After a long flight from Europe, Sylvia Acosta and 15-year-old Sybonae Castillo were heading home to Texas when border officials asked Acosta why she didn't share the same surname as her daughter.
"I was asked if Sybonae was my daughter and I said yes. Then they asked why, if she was my daughter, I didn't have the same last name," she wrote on Facebook.
"I told them I had already established my career and earned my doctorate with my last name Acosta so I had decided not to change it."
"He then took me to another room where they proceeded to interrogate me and my daughter to prove I was her parent. I had to re-explain why we didn’t share last names and again one said well maybe you should consider changing your name to reflect that you are her mother."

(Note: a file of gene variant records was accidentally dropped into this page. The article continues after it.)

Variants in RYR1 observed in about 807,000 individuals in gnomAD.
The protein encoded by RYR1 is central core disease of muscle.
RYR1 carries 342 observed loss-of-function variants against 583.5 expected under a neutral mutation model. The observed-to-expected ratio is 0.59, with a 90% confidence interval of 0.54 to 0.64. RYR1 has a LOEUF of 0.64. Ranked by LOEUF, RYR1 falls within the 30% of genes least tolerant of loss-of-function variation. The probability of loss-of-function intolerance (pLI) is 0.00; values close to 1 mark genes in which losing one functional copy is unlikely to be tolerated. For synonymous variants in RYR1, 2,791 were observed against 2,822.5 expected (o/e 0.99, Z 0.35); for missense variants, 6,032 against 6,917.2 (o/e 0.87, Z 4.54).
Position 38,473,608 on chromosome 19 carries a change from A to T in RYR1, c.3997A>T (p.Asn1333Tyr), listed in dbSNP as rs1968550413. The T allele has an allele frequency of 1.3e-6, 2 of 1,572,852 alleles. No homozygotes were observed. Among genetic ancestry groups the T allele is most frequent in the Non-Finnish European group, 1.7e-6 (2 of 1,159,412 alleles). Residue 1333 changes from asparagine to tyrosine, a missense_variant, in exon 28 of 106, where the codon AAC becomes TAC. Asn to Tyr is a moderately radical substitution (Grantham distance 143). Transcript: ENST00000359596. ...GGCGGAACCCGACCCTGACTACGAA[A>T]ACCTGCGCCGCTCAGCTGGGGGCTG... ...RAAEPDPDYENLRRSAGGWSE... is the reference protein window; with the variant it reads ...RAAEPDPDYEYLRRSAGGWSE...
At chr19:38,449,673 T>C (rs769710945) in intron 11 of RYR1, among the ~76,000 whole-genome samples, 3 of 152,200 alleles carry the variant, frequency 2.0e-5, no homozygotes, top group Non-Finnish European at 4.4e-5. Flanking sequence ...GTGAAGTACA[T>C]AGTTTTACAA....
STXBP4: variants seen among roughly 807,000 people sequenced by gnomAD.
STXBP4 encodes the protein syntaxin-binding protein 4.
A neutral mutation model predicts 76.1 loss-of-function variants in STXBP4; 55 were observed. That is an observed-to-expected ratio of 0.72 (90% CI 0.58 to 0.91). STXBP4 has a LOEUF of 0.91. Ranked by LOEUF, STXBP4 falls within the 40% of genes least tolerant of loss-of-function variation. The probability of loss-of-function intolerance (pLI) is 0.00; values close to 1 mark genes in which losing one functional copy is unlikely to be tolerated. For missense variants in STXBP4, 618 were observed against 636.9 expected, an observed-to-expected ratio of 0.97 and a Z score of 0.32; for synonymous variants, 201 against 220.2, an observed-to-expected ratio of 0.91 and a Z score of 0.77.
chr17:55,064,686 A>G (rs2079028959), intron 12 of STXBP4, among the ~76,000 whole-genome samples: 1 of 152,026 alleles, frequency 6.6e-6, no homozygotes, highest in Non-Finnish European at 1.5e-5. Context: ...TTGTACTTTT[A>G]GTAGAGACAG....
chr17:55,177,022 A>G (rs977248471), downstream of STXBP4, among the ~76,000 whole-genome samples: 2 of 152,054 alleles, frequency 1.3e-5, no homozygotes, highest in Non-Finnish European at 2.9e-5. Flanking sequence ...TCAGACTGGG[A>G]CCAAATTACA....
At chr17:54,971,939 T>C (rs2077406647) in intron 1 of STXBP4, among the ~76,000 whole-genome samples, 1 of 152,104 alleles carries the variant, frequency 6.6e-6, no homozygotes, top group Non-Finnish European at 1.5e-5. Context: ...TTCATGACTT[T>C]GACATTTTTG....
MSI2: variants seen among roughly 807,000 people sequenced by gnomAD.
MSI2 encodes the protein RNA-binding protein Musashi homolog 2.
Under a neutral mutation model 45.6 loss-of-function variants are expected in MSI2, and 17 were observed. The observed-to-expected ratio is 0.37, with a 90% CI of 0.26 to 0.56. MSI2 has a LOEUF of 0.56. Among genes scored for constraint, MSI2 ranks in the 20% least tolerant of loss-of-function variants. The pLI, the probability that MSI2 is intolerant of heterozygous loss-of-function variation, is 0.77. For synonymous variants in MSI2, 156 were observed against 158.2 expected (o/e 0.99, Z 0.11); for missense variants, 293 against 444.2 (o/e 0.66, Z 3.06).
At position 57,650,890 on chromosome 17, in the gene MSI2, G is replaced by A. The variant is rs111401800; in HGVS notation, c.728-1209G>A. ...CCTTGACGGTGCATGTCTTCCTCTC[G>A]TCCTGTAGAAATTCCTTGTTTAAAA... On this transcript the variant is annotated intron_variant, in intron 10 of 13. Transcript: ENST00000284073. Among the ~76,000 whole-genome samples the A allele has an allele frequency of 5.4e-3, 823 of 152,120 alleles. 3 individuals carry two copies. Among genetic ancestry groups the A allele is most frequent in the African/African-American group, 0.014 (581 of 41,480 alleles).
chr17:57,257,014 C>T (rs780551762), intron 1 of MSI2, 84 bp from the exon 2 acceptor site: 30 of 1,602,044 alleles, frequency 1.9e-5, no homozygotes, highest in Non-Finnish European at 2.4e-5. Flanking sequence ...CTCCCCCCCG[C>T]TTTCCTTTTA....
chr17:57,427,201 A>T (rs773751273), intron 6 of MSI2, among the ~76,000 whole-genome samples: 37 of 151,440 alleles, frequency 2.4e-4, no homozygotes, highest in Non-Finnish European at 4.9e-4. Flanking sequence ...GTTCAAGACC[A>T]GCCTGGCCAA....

Acosta went on to say that she told the officers they "were perpetuating an institutionalized misogynistic system which required that a woman take her husband's name."
Her experience almost mirrors that of a recent scene in The Handmaid's Tale, where immigration agents inform Emily/Ofglen (Alexis Bledel) that she can't leave the US with her wife and their young son because the marriage is no longer valid.
Per BBC, a CBP spokesperson responded saying: "We strive to ensure that travellers are processed fairly and efficiently, as we endeavour to make certain that all individuals attempting entry into the United States do so in a legal and secure manner."
This article originally appeared on Marie Claire.